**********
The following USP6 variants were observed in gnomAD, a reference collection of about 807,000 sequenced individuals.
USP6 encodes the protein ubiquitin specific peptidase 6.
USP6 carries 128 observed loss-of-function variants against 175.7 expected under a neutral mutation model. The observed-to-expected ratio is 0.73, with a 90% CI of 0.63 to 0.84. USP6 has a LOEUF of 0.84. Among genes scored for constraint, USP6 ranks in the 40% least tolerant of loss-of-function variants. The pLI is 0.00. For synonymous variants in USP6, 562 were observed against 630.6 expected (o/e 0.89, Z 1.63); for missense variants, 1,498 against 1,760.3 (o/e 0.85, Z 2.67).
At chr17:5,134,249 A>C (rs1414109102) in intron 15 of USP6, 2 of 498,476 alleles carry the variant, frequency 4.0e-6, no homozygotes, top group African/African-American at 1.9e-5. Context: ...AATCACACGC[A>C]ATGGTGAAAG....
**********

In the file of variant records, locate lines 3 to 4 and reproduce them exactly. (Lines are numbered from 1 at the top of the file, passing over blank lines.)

USP6 carries 128 observed loss-of-function variants against 175.7 expected under a neutral mutation model. The observed-to-expected ratio is 0.73, with a 90% CI of 0.63 to 0.84. USP6 has a LOEUF of 0.84. Among genes scored for constraint, USP6 ranks in the 40% least tolerant of loss-of-function variants. The pLI is 0.00. For synonymous variants in USP6, 562 were observed against 630.6 expected (o/e 0.89, Z 1.63); for missense variants, 1,498 against 1,760.3 (o/e 0.85, Z 2.67).
At chr17:5,134,249 A>C (rs1414109102) in intron 15 of USP6, 2 of 498,476 alleles carry the variant, frequency 4.0e-6, no homozygotes, top group African/African-American at 1.9e-5. Context: ...AATCACACGC[A>C]ATGGTGAAAG....